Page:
It was a pretty big week for The Dispatch’s Ohio bureau, which is located in a suburb of Cincinnati. On Thursday, Gov. Mike DeWine announced that swimming pools and gyms could open and that non-contact youth sports could resume later this month. And on Friday night, I got to celebrate that good news by walking into our local brewery with my husband, ordering a beer, and sitting down (outside, of course!) to drink it.
It’s nice to have nightlife back, and I’m hopeful that my gym can find a way to reopen safely (insert “quarantine belly” joke here). But the other announcements meant a lot more to me. Our kids are swimmers and baseball players. Right before broader lockdowns started, the age-group state championship meet got canceled at the last minute, and our middle son played precisely one scrimmage before baseball was scuttled.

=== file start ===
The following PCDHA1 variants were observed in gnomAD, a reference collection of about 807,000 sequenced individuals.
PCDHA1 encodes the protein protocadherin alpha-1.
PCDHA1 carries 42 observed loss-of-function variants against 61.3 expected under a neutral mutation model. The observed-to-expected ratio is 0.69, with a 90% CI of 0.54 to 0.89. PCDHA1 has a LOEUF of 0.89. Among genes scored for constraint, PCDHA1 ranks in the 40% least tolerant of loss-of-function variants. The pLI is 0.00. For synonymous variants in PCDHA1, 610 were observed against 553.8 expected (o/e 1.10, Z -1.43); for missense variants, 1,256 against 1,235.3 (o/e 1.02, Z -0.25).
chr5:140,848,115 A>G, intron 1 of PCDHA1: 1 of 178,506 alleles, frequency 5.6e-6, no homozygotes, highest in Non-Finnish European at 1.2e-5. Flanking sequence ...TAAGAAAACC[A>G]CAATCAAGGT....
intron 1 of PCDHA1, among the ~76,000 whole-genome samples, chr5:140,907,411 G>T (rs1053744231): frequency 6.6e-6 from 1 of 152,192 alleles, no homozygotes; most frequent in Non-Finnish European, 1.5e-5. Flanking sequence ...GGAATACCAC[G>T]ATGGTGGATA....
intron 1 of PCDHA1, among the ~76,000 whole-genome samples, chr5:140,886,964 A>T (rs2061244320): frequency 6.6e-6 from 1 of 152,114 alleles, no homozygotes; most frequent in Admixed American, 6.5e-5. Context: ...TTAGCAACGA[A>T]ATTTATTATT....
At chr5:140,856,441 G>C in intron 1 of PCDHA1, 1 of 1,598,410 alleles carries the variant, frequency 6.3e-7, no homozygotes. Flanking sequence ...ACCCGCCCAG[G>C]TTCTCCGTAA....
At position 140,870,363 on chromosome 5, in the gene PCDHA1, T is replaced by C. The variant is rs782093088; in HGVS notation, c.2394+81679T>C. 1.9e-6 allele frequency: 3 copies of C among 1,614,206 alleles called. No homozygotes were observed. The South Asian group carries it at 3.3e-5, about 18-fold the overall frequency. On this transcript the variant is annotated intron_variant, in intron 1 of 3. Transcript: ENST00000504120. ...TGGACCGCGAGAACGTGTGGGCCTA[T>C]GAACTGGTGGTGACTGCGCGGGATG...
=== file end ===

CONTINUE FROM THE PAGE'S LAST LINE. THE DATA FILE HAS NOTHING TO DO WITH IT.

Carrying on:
When life was “normal,” we often questioned whether they were overscheduled, whether we were wasting our time driving to practice and games and meets, whether the benefits outweighed the cost of more quality family time, etc. But after two months with nothing, I can tell they will benefit from having these activities back.
You didn’t come here to read about my kids, and I won’t go on too long lest your eyes glaze over like mine do when our youngest launches into a 20-minute monologue about Fortnite. But I bring it up because I think we’re going to be dealing with the implications of this pandemic on kids and their mental health for years to come. And it worries me.